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I’ve often said to clients that Art Nouveau integrates beautifully with highly modern interiors to which I usually receive a raised eyebrow of skepticism. Well here are some photos to help you visualize how beguiling this sinuous, organic decorating style that’s been making waves since the 19th century works here and now. 

Although short lived, the art nouveau movement still leaves an imprint on design today. From the late 19th century until the early 20th century, artists and designers developed this style of architecture, decorative arts and fashion, incorporating sweeping, feminine shapes. The movement aimed to be completely original, not mimicking anything from the past.

While the art nouveau style was acclaimed in the beginning, its popularity quickly waned. Critics accused it of being overelaborate, expensive and lavish. The movement that followed, Arts and Crafts, addressed many of these criticisms.

Despite this, art nouveau’s beauty is undeniable and is still appreciated today. Whether you’re looking to truly embrace this look or just add a touch or two, here are ways to work art nouveau style into your home.

1. Carved wood. Art nouveau artists, designers and craftsmen rejected traditional influences, moving their designs toward an original and more modern style. In the home, intricate carvings from the Victorian era gave way to a more curvilinear look, with sinuous lines and nature-inspired motifs.

Get this look: Replicate the style with an updated twist by adding moldings to newer furniture. Search your local hardware store for trim pieces and apply them to flat surfaces on tables, dressers or frames. Feeling really adventurous? DIY veterans can trace an art nouveau motif onto wood and use a Dremel kit to carve out the details for an authentic period look. The Antique Warehouse always has a small collection of Art Nouveau on hand. For example have a look at our Art Nouveau Bedroom Suite

2. Metalwork. The art nouveau style was quickly adapted for decorative ironwork and cast metal, where its undulating, asymmetrical and organic lines found favor with wealthy homeowners.

Get this look: Whether their work is custom or prefab, ironwork professionals often offer art nouveau–style options for the home. Look for brackets, railings, gates and other architectural details. If you’re short on money, look for salvaged elements, which are often more affordable. Consider using an antique gate for a headboard or a piece of wall art.

3. Stained glass. Artist Louis Comfort Tiffany helped bring art nouveau stained glass to mainstream interiors during this period. His curving, sinuous designs adorned windows, lamps and other lighting fixtures.

Get this look: It’s easy to think of stained glass as a traditional feature, but in the right application, it can work beautifully in modern and contemporary interiors. Look for the curving lines of art nouveau and use the stained glass in limited applications — like for a light fixture or a window, as in this bathroom.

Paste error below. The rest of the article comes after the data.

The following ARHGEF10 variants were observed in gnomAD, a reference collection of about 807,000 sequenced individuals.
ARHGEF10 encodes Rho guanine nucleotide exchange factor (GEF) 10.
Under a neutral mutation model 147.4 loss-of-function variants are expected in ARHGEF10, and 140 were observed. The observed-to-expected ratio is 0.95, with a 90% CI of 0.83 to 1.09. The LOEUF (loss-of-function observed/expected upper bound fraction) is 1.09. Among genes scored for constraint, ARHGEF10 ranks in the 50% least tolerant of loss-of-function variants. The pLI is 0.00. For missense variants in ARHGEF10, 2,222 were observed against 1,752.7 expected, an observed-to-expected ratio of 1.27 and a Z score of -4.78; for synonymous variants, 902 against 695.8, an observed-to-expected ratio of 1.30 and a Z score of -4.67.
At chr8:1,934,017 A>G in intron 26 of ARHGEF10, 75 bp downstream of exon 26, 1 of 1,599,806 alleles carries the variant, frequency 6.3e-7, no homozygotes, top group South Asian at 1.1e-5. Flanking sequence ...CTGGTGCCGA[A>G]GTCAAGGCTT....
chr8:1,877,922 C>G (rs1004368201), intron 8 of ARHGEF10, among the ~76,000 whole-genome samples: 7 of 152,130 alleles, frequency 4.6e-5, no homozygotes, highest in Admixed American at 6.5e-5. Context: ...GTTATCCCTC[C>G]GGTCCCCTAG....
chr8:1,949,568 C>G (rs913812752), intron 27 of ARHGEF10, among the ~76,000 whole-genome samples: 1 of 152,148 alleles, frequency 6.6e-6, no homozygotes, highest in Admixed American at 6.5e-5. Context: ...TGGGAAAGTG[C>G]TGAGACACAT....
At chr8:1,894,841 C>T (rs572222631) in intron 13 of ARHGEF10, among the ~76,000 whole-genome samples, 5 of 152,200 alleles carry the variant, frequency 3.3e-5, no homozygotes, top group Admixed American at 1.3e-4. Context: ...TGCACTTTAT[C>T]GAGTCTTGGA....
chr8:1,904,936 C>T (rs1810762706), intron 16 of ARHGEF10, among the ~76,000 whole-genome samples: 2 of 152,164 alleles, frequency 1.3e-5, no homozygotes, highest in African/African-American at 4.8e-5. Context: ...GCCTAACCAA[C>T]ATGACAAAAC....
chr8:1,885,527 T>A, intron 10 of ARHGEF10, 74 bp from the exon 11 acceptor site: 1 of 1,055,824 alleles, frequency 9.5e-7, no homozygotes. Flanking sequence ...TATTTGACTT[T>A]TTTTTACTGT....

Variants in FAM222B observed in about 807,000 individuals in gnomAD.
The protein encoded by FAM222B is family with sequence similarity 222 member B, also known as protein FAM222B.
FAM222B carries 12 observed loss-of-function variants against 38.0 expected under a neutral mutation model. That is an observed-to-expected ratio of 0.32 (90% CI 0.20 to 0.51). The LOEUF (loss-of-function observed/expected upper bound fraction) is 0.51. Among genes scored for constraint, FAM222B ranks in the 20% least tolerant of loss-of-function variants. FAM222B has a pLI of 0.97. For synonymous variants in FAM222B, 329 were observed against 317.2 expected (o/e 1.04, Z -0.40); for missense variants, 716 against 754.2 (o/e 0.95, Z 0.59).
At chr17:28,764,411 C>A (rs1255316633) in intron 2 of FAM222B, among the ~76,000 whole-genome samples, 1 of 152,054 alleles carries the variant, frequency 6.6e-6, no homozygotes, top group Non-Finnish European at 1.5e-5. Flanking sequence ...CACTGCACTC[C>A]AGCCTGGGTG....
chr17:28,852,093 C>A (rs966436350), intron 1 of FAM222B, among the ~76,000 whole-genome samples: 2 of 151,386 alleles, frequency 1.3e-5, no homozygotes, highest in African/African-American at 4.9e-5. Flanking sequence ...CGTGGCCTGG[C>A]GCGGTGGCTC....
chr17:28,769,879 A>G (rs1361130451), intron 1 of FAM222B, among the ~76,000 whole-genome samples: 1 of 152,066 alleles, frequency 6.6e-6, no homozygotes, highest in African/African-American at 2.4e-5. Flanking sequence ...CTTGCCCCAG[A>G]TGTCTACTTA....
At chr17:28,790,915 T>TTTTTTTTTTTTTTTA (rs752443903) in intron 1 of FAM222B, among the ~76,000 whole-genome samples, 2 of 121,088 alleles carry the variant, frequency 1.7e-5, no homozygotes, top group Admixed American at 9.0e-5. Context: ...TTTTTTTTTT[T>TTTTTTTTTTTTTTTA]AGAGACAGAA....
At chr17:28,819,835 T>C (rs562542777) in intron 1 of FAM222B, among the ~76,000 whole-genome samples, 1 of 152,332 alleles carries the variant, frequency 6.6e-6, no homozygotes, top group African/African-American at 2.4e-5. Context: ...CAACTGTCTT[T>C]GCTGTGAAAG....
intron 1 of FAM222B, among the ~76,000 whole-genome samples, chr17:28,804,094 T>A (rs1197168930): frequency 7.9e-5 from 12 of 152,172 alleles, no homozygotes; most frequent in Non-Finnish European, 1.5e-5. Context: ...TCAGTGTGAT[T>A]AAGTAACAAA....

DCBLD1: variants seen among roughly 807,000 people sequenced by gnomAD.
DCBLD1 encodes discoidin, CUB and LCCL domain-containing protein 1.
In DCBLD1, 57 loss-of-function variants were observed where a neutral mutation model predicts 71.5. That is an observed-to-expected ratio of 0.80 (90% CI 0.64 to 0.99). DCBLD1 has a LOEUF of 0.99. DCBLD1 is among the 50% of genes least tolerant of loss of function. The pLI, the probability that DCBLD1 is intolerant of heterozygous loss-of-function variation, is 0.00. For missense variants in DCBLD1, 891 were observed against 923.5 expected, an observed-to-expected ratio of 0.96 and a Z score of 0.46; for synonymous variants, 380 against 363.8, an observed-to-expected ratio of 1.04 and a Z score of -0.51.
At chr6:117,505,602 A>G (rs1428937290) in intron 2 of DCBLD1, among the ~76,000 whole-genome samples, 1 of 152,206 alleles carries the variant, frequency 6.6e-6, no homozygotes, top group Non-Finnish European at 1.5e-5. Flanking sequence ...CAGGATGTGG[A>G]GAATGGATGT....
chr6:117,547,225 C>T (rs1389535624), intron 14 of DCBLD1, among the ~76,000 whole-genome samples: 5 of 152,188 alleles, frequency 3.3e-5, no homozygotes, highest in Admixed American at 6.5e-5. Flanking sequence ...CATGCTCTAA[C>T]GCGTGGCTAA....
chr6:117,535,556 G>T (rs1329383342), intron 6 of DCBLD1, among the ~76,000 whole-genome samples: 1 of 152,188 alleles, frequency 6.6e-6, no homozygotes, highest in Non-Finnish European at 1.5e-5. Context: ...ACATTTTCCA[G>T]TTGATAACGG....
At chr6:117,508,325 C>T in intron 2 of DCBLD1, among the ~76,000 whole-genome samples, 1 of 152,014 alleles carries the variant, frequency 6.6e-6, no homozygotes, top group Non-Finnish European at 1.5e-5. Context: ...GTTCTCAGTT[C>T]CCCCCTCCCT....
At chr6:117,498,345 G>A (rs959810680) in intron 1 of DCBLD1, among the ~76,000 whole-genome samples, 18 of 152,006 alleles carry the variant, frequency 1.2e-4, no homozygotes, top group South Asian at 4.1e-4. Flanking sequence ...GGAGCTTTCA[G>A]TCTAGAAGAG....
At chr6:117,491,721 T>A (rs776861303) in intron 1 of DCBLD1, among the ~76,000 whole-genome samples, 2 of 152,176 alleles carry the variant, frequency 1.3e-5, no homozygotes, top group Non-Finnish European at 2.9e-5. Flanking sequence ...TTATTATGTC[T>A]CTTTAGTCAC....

4. Tiles. The latter half of the 19th century saw a decline in tile manufacturing. Compared to wallpaper, tile was expensive and difficult to install. But the material’s popularity resurged in the 20th century. Molded tiles with art nouveau motifs became readily available and more affordable.

Get this look: Art nouveau–style tile works well in modern and traditional homes. Don’t feel like you need to put up an entire wall of tile — small quantities can have a powerful effect when used wisely. Pick out a few for a border accent inside or outside your home.

5. Textiles. Although art nouveau was lavish, it was often inspired by nature. Original art nouveau textiles usually incorporated flowers and vines in printed or woven designs. In both muted and dark color palettes, these textiles included rugs, upholstery and window treatments.

Get this look: Textiles can help you add just a touch of art nouveau or complete a top-to-bottom makeover. Look for nature-inspired textiles, pillows or upholstery in muted color palettes with curving, wavy lines. If you’re seeking an unconventional way to work with fabric, try hanging framed panels as artwork or even covering an entire wall.

6. Lighting. Art nouveau stained glass pendants, iron chandeliers, leaded glass lanterns and acid-etched lampshades all reflected the elaborate and organic-inspired patterns of the era. Mixed materials — usually metal and glass — were combined in feminine forms.

Get this look: Most decorating schemes can accommodate a touch of nouveau-inspired lighting. Choose traditional or antique pieces to get the look. Sconces, pendants, chandeliers and table lamps with just a touch of curved iron or acid-etched glass can suggest art nouveau style with a more modern touch.

7. Wallpaper. More affordable and accessible than tile, wallpaper was a popular fixture in homes during the art nouveau period. Palettes could be bold or muted, all in the rhythmic patterns of the era.

Get this look: You don’t have to go far to find great art nouveau–style wallpaper today. The graceful lines are a popular look with most major retailers.

Don’t rule out wallpaper if you don’t want the wall-to-wall look. Consider using it on a single accent wall, as matting for artwork, behind a collection of mirrors or as a treatment under a chair rail.

8. Artwork. Printed pieces are a signature of the art nouveau style, as it was the first design movement to mass produce graphics for advertisements, labels, posters and magazines. Many of these printed pieces are available today in vintage and reproduced forms.

Get this look: Chec out art fairs and antiques shops for some great vintage finds. Reproductions are readily available, too.

If you’re looking to make a bolder statement, find a large art nouveau–inspired stencil to apply all over your wall or ceiling.

More: Art Nouveau Style Creates Verve With Curves